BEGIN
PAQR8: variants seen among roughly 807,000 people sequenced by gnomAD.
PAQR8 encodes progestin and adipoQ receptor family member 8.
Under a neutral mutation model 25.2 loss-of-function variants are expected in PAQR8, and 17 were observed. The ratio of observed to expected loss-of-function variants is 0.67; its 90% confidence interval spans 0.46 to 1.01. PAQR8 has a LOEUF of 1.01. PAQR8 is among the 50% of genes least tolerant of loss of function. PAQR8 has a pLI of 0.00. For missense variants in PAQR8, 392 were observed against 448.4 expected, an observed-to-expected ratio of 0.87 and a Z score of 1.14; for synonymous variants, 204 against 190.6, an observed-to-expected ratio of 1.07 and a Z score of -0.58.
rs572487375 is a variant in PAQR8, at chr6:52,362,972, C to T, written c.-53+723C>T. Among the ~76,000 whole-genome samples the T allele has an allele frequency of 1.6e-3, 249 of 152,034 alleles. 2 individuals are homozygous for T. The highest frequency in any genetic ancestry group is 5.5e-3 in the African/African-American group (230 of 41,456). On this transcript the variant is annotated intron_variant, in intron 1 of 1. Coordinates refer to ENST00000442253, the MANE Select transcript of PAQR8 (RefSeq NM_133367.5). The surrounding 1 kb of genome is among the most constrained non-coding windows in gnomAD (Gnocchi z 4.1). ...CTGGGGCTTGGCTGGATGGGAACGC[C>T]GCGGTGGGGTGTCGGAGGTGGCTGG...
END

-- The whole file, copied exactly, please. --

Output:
PAQR8: variants seen among roughly 807,000 people sequenced by gnomAD.
PAQR8 encodes progestin and adipoQ receptor family member 8.
Under a neutral mutation model 25.2 loss-of-function variants are expected in PAQR8, and 17 were observed. The ratio of observed to expected loss-of-function variants is 0.67; its 90% confidence interval spans 0.46 to 1.01. PAQR8 has a LOEUF of 1.01. PAQR8 is among the 50% of genes least tolerant of loss of function. PAQR8 has a pLI of 0.00. For missense variants in PAQR8, 392 were observed against 448.4 expected, an observed-to-expected ratio of 0.87 and a Z score of 1.14; for synonymous variants, 204 against 190.6, an observed-to-expected ratio of 1.07 and a Z score of -0.58.
rs572487375 is a variant in PAQR8, at chr6:52,362,972, C to T, written c.-53+723C>T. Among the ~76,000 whole-genome samples the T allele has an allele frequency of 1.6e-3, 249 of 152,034 alleles. 2 individuals are homozygous for T. The highest frequency in any genetic ancestry group is 5.5e-3 in the African/African-American group (230 of 41,456). On this transcript the variant is annotated intron_variant, in intron 1 of 1. Coordinates refer to ENST00000442253, the MANE Select transcript of PAQR8 (RefSeq NM_133367.5). The surrounding 1 kb of genome is among the most constrained non-coding windows in gnomAD (Gnocchi z 4.1). ...CTGGGGCTTGGCTGGATGGGAACGC[C>T]GCGGTGGGGTGTCGGAGGTGGCTGG...